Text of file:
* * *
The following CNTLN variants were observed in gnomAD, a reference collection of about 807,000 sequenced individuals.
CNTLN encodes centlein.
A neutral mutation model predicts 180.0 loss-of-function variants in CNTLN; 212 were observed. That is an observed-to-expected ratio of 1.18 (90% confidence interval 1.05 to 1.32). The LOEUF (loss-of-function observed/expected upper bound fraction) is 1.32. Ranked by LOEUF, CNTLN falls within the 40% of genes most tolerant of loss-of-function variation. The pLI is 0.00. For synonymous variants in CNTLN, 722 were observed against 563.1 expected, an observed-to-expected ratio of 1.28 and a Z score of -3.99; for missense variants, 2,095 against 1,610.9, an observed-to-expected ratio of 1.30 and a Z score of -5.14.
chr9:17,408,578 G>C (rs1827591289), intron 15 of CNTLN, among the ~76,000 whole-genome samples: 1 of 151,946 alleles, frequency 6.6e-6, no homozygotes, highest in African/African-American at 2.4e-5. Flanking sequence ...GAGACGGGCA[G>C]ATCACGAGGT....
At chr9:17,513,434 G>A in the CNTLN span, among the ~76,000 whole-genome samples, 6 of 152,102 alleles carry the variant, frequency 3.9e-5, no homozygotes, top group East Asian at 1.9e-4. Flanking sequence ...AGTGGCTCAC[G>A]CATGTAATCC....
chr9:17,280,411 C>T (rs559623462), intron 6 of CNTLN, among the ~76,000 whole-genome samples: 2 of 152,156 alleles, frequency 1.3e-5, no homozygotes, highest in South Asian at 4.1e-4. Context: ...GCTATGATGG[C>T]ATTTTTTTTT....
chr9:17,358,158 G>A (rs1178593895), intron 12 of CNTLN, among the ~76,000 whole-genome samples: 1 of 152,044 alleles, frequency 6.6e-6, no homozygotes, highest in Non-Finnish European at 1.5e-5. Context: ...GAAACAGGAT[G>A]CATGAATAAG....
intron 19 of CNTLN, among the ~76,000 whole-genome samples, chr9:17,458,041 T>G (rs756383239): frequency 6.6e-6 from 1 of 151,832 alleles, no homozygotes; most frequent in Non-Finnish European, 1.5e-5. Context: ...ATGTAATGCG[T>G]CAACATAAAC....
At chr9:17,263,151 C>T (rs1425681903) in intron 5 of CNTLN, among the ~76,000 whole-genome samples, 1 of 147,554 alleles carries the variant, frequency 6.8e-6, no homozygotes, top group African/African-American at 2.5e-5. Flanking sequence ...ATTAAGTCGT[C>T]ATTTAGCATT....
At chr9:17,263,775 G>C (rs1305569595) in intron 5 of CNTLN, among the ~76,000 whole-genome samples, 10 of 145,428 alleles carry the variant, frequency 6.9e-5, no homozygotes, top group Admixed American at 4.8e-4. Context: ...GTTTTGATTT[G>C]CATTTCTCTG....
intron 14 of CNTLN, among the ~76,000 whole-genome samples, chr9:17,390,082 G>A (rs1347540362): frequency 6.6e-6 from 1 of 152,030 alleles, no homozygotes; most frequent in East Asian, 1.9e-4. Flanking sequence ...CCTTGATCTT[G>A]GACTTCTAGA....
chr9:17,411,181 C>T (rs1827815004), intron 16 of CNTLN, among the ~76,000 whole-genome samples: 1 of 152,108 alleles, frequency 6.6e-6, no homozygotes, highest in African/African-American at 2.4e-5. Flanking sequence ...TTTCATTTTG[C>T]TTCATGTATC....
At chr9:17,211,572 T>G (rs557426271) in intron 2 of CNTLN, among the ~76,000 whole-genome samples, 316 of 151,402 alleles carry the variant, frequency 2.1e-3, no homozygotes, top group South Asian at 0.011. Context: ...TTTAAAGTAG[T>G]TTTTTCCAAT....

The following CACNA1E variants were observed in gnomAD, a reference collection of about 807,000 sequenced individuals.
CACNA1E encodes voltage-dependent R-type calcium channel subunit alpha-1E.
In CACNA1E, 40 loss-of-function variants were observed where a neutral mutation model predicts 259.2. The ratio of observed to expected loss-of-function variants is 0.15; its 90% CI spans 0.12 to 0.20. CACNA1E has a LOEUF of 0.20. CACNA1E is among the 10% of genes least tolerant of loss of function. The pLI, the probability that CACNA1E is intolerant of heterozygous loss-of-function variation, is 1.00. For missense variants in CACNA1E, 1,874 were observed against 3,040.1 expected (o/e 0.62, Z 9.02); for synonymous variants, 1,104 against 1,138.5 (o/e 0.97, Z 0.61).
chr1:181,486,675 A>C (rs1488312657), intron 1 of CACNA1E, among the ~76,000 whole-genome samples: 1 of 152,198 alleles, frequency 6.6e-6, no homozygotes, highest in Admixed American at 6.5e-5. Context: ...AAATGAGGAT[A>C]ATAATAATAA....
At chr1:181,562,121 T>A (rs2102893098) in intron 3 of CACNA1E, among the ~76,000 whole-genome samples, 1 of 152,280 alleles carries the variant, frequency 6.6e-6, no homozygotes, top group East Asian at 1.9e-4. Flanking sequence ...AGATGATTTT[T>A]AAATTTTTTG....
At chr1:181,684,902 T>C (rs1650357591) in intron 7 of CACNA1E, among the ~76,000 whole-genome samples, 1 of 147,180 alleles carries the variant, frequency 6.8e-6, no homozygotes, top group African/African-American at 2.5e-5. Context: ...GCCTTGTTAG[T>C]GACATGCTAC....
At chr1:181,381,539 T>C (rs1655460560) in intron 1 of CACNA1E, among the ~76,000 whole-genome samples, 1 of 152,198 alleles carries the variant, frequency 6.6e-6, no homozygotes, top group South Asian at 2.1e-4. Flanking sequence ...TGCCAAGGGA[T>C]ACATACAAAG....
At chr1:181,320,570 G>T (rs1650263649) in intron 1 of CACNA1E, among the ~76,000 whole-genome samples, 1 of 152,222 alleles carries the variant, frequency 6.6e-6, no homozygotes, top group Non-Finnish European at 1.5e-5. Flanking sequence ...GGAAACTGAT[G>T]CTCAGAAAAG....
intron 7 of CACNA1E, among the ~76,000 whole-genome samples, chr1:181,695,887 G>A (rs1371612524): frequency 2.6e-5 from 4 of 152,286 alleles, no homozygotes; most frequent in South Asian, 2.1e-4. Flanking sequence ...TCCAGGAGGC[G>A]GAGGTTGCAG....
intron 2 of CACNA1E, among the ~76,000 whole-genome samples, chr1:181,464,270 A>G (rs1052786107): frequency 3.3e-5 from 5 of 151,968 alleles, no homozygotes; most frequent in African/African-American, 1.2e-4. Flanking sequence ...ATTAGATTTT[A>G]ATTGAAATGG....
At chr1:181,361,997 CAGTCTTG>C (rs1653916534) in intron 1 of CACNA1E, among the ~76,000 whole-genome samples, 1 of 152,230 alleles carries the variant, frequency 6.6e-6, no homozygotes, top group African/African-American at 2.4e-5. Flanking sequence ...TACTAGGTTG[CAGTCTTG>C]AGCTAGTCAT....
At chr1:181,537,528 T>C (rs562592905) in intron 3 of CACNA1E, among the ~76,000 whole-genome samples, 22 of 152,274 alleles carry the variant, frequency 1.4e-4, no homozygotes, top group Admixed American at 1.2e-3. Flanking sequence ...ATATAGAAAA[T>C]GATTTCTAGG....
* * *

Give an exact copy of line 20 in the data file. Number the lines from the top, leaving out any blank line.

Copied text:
At chr1:181,381,539 T>C (rs1655460560) in intron 1 of CACNA1E, among the ~76,000 whole-genome samples, 1 of 152,198 alleles carries the variant, frequency 6.6e-6, no homozygotes, top group South Asian at 2.1e-4. Flanking sequence ...TGCCAAGGGA[T>C]ACATACAAAG....